FIRST: Coyote Coexistence Guidelines and Safety Information

A ONE-STOP INFORMATION VIDEO on urban coyotes: coyote behavior and how to coexist with them, how to shoo them off from a dog, and why killing them does not solve issues. Updated 6-13-2013.[A shorter version may be seen at: http://youtu.be/1Kxl31nX0rc]

Para la versión en Español, haz clic aquí: http://youtu.be/FjVGKwLiYG4;

In Mandarin Chinese 普通话http://youtu.be/aFWyegSrNHw

2014-04-20

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A Quote Worth Pondering

“If you talk to the animals they will talk with you and you will know each other.  If you do not talk to them you will not know them, and what you do not know you will fear.  What one fears one destroys.”      Chief Dan George

Charles Wood, a frequent contributor to Coyote Yipps, adds: “I want to try and express Chief Dan George’s words a little differently, though I believe the meaning is the same: ‘If you talk to the animals they will talk to you and you will come to know them. When you come to know them, you will love them, with respect, without fear. What one fears one destroys. What one loves one defends.'”

ACTUAL BLOG WITH LATEST POST BEGINS BELOW

Fur Markings Change as Winter Coats Come In


These two photos above are of the same coyote taken one month apart. During the Summer, photo on the right, coyotes retain a lighter-colored short undercoat which remains in place throughout the summer until it becomes buried by the longer winter, protective and weather-resistant coat with the markings, which comes in during the Fall.

Coyotes have a signature winter coat (photo above left and below left) usually has a crescent of black and white hairs — looking a little like a shawl — which can be seen over the upper back right below the shoulders. Each coyote sports a variation of this marking which can vary slightly in size, intensity of colors and color combination. Look at the variations of winter coats in the first photo to the left below.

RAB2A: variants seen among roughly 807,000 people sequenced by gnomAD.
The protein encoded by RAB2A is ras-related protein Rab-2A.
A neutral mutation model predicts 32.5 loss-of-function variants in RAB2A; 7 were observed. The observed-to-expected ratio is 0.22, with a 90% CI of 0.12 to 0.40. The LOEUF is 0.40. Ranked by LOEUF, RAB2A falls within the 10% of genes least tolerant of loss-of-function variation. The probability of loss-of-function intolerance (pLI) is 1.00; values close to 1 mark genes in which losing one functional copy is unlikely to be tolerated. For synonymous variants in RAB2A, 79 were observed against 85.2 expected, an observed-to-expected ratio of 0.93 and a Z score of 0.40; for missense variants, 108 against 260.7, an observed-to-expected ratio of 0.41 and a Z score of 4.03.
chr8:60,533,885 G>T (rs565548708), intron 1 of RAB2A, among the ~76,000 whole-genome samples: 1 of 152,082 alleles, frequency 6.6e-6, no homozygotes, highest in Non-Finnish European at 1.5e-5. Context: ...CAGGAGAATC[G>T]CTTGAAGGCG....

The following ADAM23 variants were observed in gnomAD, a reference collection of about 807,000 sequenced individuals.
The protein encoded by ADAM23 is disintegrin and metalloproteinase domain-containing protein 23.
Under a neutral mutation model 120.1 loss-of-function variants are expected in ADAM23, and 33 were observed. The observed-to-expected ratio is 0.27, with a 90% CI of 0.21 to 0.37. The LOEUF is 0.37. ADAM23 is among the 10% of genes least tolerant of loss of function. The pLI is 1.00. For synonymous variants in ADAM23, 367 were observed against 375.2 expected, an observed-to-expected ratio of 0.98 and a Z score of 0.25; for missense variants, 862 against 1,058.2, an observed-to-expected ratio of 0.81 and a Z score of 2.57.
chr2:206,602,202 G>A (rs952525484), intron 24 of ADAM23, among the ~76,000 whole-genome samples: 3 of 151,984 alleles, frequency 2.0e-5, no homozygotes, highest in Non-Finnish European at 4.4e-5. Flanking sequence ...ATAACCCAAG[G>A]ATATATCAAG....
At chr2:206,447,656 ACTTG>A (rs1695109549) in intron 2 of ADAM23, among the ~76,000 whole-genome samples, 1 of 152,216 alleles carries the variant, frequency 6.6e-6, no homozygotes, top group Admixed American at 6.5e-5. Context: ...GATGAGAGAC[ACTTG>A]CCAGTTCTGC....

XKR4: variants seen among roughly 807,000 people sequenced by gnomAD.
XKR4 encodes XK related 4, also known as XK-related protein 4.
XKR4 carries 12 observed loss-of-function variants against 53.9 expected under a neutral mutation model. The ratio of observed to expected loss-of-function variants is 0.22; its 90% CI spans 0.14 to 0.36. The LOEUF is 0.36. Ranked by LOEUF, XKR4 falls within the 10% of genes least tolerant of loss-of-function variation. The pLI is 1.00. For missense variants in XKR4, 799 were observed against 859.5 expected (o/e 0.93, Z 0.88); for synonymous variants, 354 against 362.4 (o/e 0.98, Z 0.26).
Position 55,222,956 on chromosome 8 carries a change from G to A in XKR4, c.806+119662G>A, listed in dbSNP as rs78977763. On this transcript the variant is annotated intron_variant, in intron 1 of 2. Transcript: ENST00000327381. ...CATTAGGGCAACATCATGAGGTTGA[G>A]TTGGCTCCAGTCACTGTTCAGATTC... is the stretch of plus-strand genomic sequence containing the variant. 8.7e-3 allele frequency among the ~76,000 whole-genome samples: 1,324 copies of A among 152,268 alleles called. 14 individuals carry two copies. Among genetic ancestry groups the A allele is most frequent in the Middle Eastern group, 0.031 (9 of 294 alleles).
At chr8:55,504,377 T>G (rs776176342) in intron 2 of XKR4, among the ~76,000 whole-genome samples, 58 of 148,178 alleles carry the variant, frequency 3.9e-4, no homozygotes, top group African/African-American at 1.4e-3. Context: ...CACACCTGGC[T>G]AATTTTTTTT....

The entire winter coat is amazingly thick and long — over 4″ — and and includes a very bushy tail, as seen in the full coat below. The coyote urinating in the photo below, has a summer coat for the most part, but she hasn’t totally shed the winter coat which is still on her lower back where she hasn’t been able to reach with her claws: coyotes help the shedding process by scratching.

Please Sign Petition To Stop the Coyote Killing Contest in Grayson County, VA

Please read and sign (and let your friends know about) our new petition at coyotecoexistence.com to stop the coyote killing contest in Grayson County, Virginia: “We’re dealing with a county of farmers that believe the coyotes are ripping their horses and livestock limb from limb in vicious packs — and also I’m being told that, quote “people ’round here need the money’ from the contest.”

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Here is the awful announcement:

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News: Coyote contest opens Wednesday
Posted:  10/14/2014 12:17 PM

renderINDEPENDENCE — Grayson County is announcing an official contest exclusively for Grayson County citizens as an added incentive to hunt and kill nuisance coyotes.  The contest will begin this Wednesday, Oct. 15 and continue through May 15, 2015. According to a county news release, the winner will be judged by only one measure — how many dead coyotes he or she turns into the county.

The only prerequisites to participate in the contest are that you must be a citizen of Grayson County, be in good standing with the county and kill at minimum seven coyotes within the contest period. Citizens will not need to register to participate, they simply need to turn in their coyotes to the county per the Coyote Bounty Ordinance and be the hunter to claim the most coyotes within the contest period and win the honor of Top Coyote Hunter and a $500 cash prize. In  the case of a tie, the prize money will be divided equally.

The prize money will be in addition to the $40 bounty per coyote the county has been paying since county supervisors enacted the coyote bounty program in March. According to language in the ordinance creating the program, coyotes threaten the county’s livestock and agricultural interests and reduce the number of deer available to hunters.

“This is a fun and creative way to engage more of our hunters in helping to remove this nuisance animal from the county landscape,” Glen “Eddie” Rosenbaum, the supervisor representing Grayson’s Wilson District, said. “Whoever kills the most coyotes in this seven month span will be deemed the Top Coyote Hunter in the county and will take home an extra $500 for their service.”